prosperous and historic resort area, Sanur is Indonesia's
answer to Waikiki. It's nine km southeast of Denpasar and
crowded with high-priced luxury hotels and clusters of serene
bungalows in leafy compounds along the shoreline of a gentle,
reef-sheltered lagoon. Guesthouses started appearing here
as early as the 1940s and heralded the age of modern tourism
on the island. Large hotel enclaves, shady lanes, trees, and
coral walls give the village a park-like setting.
The sunrise over Pulau Nusa Penida each morning is magnificent.
At sunset, sailboats dot Sanur's horizon. Sanur is smaller,
quieter, prettier, safer, and more sheltered than Kuta 15
km to the southwest. It's also more expensive.
The big luxury hotels which have made Sanur famous are on
side streets off the main street and its 'dukun' and trance
mediums are renowned all over the island.
Despite the throngs of tourists, the village still retains
its Balinese character. Sanur is one of Bali's largest traditional
villages. Nevertheless village life goes on and visitors can
really experience the real Bali.
The trees are mature, the streets in good repair, and there's
less construction than in Kuta or Lovina. Sanur is the preferred
long-term residence for those Bali expats who prefer the ocean
and the city. The most exclusive private estates, separated
by vine-draped coral walls and palm-fringed lanes, are in
the Batu Jimbar neighborhood.
Within these elegant compounds are luxurious gardens, swimming
pools, lotus ponds, well-tended lawns, and elegant, traditional
thatched-roofed villas. Because of its glamour, and snob appeal,
the Sanur area is also a favorite of diplomats and foreign
Only 2.5 km south of the Inna Grand Bali Beach Hotel Resort
and Spa, just beyond the village of Kesiman, is an important
place of remembrance, Padanggalak.
From the beach enjoy fine views of the coastline and Sanur's
'hotel row'. It was on this beach that the Dutch forces which
eventually subjugated the Balinese landed in 1906.
Thirty-six years later Dutch fleeing the Japanese also came
ashore here. And in 1946, the Dutch were back here again,
attempting to re-establish control over their former colony,
using KNIL units and meeting stubborn resistance from the
Padanggalak also commemorates a tragedy. A monument here is
dedicated to the people who died in the crash of a Pan Am
Boeing 707 that crashed into the side of Gunung Patas west
of Singaraja on 22 April 1974.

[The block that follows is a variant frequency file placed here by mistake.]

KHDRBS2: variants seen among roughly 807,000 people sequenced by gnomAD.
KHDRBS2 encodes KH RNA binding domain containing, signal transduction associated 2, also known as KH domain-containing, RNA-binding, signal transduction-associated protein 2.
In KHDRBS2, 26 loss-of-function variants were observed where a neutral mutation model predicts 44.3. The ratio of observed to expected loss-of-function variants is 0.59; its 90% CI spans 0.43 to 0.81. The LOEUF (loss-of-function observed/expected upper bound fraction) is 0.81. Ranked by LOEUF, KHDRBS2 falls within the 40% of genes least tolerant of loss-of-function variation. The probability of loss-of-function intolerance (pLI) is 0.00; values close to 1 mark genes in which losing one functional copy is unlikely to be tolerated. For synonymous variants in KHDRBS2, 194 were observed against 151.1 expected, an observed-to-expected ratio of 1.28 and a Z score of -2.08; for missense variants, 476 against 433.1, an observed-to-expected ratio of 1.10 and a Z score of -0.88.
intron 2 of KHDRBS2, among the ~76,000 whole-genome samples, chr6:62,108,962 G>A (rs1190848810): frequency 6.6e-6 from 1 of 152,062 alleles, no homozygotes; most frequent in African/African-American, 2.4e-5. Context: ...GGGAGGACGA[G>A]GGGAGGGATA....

Mistaking the lights of boats and fishing platforms off the
north coast for the landing strip lights at Bali's airport
in Tuban in the south, the pilot came in low and crashed headlong
into the mountain, killing all 107 people onboard. Visitors
from 11 nations still come here to pay their respects to the
dead, laying flowers and offerings at the small altar containing
the ashes of the victims.
The village of Sanur located on the eastern coast of Bali
is the ideal beach for snorkeling as it is protected by a
coral reef. Sanur is Bali's first beach resort.
From Kuta to Sanur, take a 'bemo' first to Terminal Tegal
in Denpasar, then a dark blue 'bemo' all the way to Sanur.
Or take a dark green 'bemo' from Denpasar's Kreneng Terminal
to Sanur. A two-km-long four-lane highway runs six km from
the southeastern edge of Denpasar (Renon) to northern Sanur,
dropping you off just north of the Grand Bali Beach compound,
then continuing down Jalan Danau Tamblingan.
With or without prior booking, look for the name of your hotel
on signs or vehicles at the airport for a free air-conditioned
ride to Sanur. A different way to reach Sanur is to walk along
the beach from Lebih, south of Gianyar. This involves crossing
the mouths of several rather large rivers-exercise cautions.
The Sanur Terminal is at the south end of Sanur near the Trophy
Pub Center at the end of Jalan Danau Tamblingan. On Jalan
Tanjung Sari, flag down a blue or green public 'bemo' heading
northwest to Denpasar's Kreneng Station or a blue one heading
south to Tegal Station. From here you get another 'bemo' to
Take yellow metered Praja taxis, tel. 62361-289090/191, to
the Matahari Department Store in Denpasar. You can also take
private cars or minibuses into Denpasar. If you have your
own vehicle, drive the beautiful new superhighway via Batubulan
in the direction of Ubud. This highway-perhaps the best on
the island-makes Sanur a good base from which to explore the
regencies of Bangli, Gianyar, and Klungkung.